But nobody’s dominated the custom emoji space better than America’s most polarizing reality TV family: the Kardashian/Jenners. Members of the family have taken to designing custom emoji for their fans to communicate with like-minded souls. Kim Kardashian West (who’s turned out to be quite the technology and new media mogul) debuted her “Kimoji” in December 2015, and was an immediate hit.

Not to be outdone, Rob Kardashian’s fiancee (and mother of his daughter Dream) Blac Chyna has also released her own line of emoji. But, like anything dealing with the Kardashian/Jenner clan, this has not been without drama: One of the “Chymoji” depicts Chyna slapping a brunette woman presumed to be Kardashian West’s stepsister Kylie Jenner. (If you don’t know why this is a foul, brush up on the history of the feud between the two.)

Another person in the Kardashian Extended Universe (KEU, for short) is feminist activist Amber Rose. (Rose is one of Kanye West’s former paramours. West is now, of course, married to Kim Kardashian West.) Rose dropped her “MuvaMoji” in March 2016, where it earned around $4M. That number includes $2M on release day alone.

It’s clear that launching a set of custom emoji is becoming a necessary step in engaging with fans. So who’ll be next to launch a set?

Trends: Historic Interracial Couples on Film

Ruth Negga and Joel Edgerton in 'Loving' (Evening Standard)

Ruth Negga and Joel Edgerton in ‘Loving’ (Evening Standard)

What a difference a year makes.

Last year, the conversation around movies in Hollywood centered around the fact that there was no diversity. #OscarsSoWhite gained prominence during the national conversation. It seems the entertainment industry listened, because movies with diverse casts and themes will be released. Even better, a couple of movies will tell stories from history that need to be more widely known than they are.

The story of Virginia couple Mildred and Richard Loving are featured in Jeff Nichols’ Loving. Mildred, a Black woman (played by Ruth Negga), and Richard (Joel Edgerton), a white man, were arrested in 1958 for the crime of being married when interracial marriage was a crime. The Lovings’ ordeal to have their union be legally recognized led to the landmark Loving v. Virginia Supreme Court case in 1967. The ruling struck down every anti-miscegenation law still on the books in 16 Southern states. (At least in theory; several states still tried to unofficially enforce the law.)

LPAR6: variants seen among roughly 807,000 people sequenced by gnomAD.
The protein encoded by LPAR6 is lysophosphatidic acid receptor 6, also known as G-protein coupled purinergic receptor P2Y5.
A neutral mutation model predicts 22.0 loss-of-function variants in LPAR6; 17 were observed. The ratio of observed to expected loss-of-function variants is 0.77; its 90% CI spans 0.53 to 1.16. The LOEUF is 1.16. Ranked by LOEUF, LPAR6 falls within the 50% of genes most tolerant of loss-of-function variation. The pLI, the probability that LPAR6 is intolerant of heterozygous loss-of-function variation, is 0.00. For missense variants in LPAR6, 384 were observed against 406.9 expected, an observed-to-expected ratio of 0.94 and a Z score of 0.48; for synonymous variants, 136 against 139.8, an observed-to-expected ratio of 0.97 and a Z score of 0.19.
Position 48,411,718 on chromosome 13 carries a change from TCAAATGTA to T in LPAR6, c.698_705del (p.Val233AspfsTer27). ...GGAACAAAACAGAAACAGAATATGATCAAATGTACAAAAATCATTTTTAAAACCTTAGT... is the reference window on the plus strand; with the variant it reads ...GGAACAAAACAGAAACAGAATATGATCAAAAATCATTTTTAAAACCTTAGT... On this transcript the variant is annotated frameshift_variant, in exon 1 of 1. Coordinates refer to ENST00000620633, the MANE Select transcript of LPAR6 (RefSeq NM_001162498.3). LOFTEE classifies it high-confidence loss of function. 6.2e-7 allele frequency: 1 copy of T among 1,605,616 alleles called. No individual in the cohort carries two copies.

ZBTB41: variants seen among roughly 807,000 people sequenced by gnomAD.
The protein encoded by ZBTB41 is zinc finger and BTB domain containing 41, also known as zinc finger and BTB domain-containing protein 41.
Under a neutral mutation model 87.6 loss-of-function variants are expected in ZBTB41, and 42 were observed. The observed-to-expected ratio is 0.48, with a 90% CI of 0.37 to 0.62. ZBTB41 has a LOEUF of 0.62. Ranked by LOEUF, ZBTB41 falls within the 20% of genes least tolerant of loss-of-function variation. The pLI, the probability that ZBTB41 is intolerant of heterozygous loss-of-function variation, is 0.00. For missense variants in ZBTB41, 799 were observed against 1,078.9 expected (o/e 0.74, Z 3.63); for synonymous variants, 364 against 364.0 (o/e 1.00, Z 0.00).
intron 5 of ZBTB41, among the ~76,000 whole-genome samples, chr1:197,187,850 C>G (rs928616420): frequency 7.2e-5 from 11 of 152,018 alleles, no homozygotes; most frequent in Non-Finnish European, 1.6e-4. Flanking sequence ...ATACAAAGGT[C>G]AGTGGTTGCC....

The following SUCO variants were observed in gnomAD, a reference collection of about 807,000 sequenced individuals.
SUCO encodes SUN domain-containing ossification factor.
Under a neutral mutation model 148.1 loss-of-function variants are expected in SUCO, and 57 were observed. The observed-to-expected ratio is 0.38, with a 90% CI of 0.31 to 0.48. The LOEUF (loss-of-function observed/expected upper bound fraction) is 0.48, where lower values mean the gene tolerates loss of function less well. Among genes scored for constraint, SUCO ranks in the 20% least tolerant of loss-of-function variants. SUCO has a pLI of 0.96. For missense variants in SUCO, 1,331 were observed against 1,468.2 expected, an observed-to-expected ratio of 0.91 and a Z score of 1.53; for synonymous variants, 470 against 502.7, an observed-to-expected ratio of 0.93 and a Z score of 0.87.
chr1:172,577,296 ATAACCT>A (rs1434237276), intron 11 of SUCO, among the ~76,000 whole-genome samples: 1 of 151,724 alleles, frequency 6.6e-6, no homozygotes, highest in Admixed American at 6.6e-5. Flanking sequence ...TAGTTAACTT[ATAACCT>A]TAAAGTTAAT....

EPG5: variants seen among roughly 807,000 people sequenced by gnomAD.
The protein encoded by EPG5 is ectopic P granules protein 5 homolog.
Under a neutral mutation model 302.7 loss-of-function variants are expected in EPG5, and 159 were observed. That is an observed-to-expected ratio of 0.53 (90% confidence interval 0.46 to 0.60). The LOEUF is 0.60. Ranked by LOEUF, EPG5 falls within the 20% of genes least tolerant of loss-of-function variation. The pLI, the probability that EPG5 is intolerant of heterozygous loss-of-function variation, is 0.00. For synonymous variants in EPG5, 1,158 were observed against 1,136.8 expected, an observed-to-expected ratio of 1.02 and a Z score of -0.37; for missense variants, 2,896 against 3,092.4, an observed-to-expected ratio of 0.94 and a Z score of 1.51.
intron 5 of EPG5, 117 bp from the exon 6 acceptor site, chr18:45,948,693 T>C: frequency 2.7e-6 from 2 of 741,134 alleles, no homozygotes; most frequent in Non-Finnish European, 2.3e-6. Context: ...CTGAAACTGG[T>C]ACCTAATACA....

Too few people know this story, and I’m glad it’s gaining more recognition. The case is seen as a landmark in the struggle for civil rights, and can be regarded as the spiritual predecessor to the recent marriage equality fight and decision.

Loving isn’t the only historic interracial love story debuting this winter. Amma Asante’s A United Kingdom focuses on the story of Sir Seretse Khama (played by David Oyelowo), a member of the Bechuanaland Protectorate’s royal family, and Ruth Williams (played by Rosamund Pike), an English woman and Khama’s eventual wife. The Khamas’ romance and eventual marriage set off an international scandal which took years to rectify.

Director Asante’s previous feature was Belle, the true story of a mixed-race English woman in the 18th century. I enjoyed it, particularly because it was something I hadn’t seen before: a woman of color in a period costume drama. Asante won my attention and my dollars with that film, so I’m curious to see her new one as well.

Loving will be released on Nov. 4th, and A United Kingdom will be released Jan. 17, 2017.

 

#ThrowbackThursday: “The Loving Story,” 2011

Richard and Mildred Loving, 'The Loving Story' (Documentary Daze)

Richard and Mildred Loving, ‘The Loving Story’ (Documentary Daze)

Documentary “The Loving Story” was released in 2011, and examined the lives of Richard and Mildred Loving. An interracial couple from Virginia, they were arrested for violating Virginia’s anti-miscegenation law shortly after their wedding in 1958. The film examines their struggle to remain married and able to live in Virginia, which led to the historic Loving v. Virginia Supreme Court decision of 1967.

The film was directed by Nancy Buirski, premiered in 2012, and won a Peabody Award.

Season 2 of Netflix’s “Jessica Jones” Will Only Feature Woman Directors

Krysten Ritter as Jessica Jones (IndieWire)

Krysten Ritter as Jessica Jones (IndieWire)

Hey Hollywood, you know all that bluster about how you can’t find female directors/writers, etc.? You know how you keep saying you want to diversify but you just can’t? Even though you’re trying really hard? Well, “Jessica Jones” is calling your bluff and raising it.

The Netflix series, which focuses on the Marvel character of the same name (played by Krysten Ritter), has been praised for its depictions of sexual assault and female friendship, among other aspects. And now showrunner Melissa Rosenberg has thrown down the gauntlet and declared that no one shall sit in the director’s chair unless their chromosomes are of the XX variety.

This isn’t the first time a TV series has hired solely women directors to direct its episodes. That would be “Queen Sugar,” co-produced and written by Ava DuVernay (who’s the first Black woman to direct a $100M movie). And that happened earlier this year.

No word yet on who’ll be gracing the director’s chair for the second season of “Jessica Jones” (and also no release date), but I can’t wait to find out.

But one thing’s for certain: Your move, Hollywood.